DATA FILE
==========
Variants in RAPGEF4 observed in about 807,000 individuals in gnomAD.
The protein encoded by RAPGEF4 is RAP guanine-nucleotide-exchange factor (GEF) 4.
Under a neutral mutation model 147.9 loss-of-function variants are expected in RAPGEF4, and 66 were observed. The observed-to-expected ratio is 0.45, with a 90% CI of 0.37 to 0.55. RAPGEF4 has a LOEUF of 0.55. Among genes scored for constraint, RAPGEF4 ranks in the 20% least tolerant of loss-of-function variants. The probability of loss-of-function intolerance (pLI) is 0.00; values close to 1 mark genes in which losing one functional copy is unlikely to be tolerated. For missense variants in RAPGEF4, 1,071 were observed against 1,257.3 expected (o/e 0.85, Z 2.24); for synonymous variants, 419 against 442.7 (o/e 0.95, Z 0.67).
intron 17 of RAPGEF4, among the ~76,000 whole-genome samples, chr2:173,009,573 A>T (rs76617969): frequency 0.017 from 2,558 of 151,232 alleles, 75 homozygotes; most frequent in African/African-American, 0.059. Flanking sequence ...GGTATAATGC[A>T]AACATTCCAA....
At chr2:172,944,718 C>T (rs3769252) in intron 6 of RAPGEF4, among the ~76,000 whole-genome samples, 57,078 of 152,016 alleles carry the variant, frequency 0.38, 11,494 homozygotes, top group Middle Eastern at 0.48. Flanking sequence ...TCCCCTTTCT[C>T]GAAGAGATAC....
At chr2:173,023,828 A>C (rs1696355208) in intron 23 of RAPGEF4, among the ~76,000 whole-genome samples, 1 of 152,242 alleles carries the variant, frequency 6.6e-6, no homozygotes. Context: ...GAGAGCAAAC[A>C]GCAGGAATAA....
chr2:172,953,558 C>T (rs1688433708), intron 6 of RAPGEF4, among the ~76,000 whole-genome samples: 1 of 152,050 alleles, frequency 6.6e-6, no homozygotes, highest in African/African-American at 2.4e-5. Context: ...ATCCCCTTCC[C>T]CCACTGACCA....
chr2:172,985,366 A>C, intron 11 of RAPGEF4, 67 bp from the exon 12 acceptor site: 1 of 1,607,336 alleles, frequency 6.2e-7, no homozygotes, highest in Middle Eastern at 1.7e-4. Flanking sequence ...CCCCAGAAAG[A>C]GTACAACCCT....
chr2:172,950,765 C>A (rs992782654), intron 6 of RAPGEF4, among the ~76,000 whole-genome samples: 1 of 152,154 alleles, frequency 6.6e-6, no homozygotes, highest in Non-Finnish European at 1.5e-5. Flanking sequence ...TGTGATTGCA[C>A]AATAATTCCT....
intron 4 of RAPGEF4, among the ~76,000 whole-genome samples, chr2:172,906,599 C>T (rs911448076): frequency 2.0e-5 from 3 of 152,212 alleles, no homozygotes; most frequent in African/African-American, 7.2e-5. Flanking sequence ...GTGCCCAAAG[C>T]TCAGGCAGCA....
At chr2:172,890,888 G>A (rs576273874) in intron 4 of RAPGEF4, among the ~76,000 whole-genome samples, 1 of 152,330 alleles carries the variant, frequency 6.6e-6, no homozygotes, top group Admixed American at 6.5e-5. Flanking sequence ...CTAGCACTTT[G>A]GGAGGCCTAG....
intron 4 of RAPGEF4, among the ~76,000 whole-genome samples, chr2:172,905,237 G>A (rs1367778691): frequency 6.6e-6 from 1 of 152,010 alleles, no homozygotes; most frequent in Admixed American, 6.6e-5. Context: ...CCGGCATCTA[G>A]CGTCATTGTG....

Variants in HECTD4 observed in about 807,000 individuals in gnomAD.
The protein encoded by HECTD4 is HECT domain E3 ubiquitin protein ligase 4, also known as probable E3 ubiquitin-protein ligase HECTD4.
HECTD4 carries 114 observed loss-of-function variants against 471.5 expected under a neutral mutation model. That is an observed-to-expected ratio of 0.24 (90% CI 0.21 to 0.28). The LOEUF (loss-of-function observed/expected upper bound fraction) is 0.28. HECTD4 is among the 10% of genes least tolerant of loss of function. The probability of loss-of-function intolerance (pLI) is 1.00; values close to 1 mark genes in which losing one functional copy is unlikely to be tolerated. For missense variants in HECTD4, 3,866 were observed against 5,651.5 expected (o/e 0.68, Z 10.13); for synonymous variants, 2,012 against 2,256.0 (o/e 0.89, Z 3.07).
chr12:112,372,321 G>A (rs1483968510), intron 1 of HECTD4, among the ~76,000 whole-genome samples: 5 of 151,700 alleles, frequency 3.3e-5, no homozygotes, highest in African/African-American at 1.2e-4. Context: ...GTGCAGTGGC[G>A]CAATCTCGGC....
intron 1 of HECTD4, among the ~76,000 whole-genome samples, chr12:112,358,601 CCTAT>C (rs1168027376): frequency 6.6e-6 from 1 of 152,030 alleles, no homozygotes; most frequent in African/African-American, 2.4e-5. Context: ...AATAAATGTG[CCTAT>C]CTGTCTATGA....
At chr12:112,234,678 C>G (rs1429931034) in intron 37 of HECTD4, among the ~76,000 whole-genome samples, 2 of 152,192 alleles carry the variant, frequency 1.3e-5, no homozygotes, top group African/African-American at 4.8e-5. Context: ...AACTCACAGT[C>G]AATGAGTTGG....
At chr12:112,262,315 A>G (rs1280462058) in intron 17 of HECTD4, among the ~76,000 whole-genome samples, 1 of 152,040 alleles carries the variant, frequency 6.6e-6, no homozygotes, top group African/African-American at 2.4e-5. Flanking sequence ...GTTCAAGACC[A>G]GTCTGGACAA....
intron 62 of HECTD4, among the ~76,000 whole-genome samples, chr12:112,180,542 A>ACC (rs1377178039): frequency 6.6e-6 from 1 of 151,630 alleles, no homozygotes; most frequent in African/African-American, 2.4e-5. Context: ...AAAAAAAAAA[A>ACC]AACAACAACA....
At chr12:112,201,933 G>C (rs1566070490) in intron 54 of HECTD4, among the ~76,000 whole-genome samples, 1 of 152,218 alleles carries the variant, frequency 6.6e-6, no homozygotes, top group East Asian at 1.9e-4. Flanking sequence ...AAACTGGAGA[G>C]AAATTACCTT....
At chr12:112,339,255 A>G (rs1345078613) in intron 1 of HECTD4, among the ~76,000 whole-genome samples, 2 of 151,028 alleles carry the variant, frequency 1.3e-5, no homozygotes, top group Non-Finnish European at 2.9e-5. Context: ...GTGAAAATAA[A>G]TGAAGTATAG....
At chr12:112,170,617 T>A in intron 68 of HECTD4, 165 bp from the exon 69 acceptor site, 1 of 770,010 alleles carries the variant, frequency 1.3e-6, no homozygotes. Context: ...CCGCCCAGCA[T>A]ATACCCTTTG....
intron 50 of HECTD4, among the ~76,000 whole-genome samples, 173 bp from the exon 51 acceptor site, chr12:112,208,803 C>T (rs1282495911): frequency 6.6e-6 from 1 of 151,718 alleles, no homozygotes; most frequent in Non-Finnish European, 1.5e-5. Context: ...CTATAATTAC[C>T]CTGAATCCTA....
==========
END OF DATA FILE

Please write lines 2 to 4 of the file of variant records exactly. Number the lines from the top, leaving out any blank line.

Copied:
The protein encoded by RAPGEF4 is RAP guanine-nucleotide-exchange factor (GEF) 4.
Under a neutral mutation model 147.9 loss-of-function variants are expected in RAPGEF4, and 66 were observed. The observed-to-expected ratio is 0.45, with a 90% CI of 0.37 to 0.55. RAPGEF4 has a LOEUF of 0.55. Among genes scored for constraint, RAPGEF4 ranks in the 20% least tolerant of loss-of-function variants. The probability of loss-of-function intolerance (pLI) is 0.00; values close to 1 mark genes in which losing one functional copy is unlikely to be tolerated. For missense variants in RAPGEF4, 1,071 were observed against 1,257.3 expected (o/e 0.85, Z 2.24); for synonymous variants, 419 against 442.7 (o/e 0.95, Z 0.67).
intron 17 of RAPGEF4, among the ~76,000 whole-genome samples, chr2:173,009,573 A>T (rs76617969): frequency 0.017 from 2,558 of 151,232 alleles, 75 homozygotes; most frequent in African/African-American, 0.059. Flanking sequence ...GGTATAATGC[A>T]AACATTCCAA....